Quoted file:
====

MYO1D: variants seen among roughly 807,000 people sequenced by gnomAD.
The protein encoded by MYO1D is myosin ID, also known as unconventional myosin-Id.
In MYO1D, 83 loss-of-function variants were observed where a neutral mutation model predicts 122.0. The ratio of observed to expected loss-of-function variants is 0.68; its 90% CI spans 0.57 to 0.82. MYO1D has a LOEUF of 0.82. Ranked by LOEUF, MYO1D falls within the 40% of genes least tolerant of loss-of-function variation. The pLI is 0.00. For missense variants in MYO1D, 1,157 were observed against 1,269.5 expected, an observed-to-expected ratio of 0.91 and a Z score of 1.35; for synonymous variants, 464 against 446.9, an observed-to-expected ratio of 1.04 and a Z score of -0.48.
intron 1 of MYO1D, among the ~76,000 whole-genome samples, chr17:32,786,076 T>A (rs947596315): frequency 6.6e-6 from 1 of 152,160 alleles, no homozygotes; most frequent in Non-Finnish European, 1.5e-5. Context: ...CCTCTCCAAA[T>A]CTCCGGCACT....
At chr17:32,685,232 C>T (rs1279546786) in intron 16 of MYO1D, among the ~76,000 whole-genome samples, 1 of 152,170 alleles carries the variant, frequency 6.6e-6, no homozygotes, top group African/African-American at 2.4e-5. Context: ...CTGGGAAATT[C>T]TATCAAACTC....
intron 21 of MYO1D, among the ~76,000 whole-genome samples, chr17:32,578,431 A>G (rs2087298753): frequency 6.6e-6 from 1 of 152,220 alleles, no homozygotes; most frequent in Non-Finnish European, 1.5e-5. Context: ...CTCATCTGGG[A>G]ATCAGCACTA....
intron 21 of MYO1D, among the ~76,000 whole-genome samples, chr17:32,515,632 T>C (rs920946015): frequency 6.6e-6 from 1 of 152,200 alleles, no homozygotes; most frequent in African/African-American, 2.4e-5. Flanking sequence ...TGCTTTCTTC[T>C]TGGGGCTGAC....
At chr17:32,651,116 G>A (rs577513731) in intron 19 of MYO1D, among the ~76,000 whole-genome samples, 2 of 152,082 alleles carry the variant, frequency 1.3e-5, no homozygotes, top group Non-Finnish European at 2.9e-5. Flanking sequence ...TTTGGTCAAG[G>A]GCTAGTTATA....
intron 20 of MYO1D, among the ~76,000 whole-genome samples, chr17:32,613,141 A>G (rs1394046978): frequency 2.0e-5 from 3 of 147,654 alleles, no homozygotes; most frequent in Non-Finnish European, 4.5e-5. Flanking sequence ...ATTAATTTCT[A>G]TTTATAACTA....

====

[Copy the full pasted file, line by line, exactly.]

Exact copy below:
MYO1D: variants seen among roughly 807,000 people sequenced by gnomAD.
The protein encoded by MYO1D is myosin ID, also known as unconventional myosin-Id.
In MYO1D, 83 loss-of-function variants were observed where a neutral mutation model predicts 122.0. The ratio of observed to expected loss-of-function variants is 0.68; its 90% CI spans 0.57 to 0.82. MYO1D has a LOEUF of 0.82. Ranked by LOEUF, MYO1D falls within the 40% of genes least tolerant of loss-of-function variation. The pLI is 0.00. For missense variants in MYO1D, 1,157 were observed against 1,269.5 expected, an observed-to-expected ratio of 0.91 and a Z score of 1.35; for synonymous variants, 464 against 446.9, an observed-to-expected ratio of 1.04 and a Z score of -0.48.
intron 1 of MYO1D, among the ~76,000 whole-genome samples, chr17:32,786,076 T>A (rs947596315): frequency 6.6e-6 from 1 of 152,160 alleles, no homozygotes; most frequent in Non-Finnish European, 1.5e-5. Context: ...CCTCTCCAAA[T>A]CTCCGGCACT....
At chr17:32,685,232 C>T (rs1279546786) in intron 16 of MYO1D, among the ~76,000 whole-genome samples, 1 of 152,170 alleles carries the variant, frequency 6.6e-6, no homozygotes, top group African/African-American at 2.4e-5. Context: ...CTGGGAAATT[C>T]TATCAAACTC....
intron 21 of MYO1D, among the ~76,000 whole-genome samples, chr17:32,578,431 A>G (rs2087298753): frequency 6.6e-6 from 1 of 152,220 alleles, no homozygotes; most frequent in Non-Finnish European, 1.5e-5. Context: ...CTCATCTGGG[A>G]ATCAGCACTA....
intron 21 of MYO1D, among the ~76,000 whole-genome samples, chr17:32,515,632 T>C (rs920946015): frequency 6.6e-6 from 1 of 152,200 alleles, no homozygotes; most frequent in African/African-American, 2.4e-5. Flanking sequence ...TGCTTTCTTC[T>C]TGGGGCTGAC....
At chr17:32,651,116 G>A (rs577513731) in intron 19 of MYO1D, among the ~76,000 whole-genome samples, 2 of 152,082 alleles carry the variant, frequency 1.3e-5, no homozygotes, top group Non-Finnish European at 2.9e-5. Flanking sequence ...TTTGGTCAAG[G>A]GCTAGTTATA....
intron 20 of MYO1D, among the ~76,000 whole-genome samples, chr17:32,613,141 A>G (rs1394046978): frequency 2.0e-5 from 3 of 147,654 alleles, no homozygotes; most frequent in Non-Finnish European, 4.5e-5. Flanking sequence ...ATTAATTTCT[A>G]TTTATAACTA....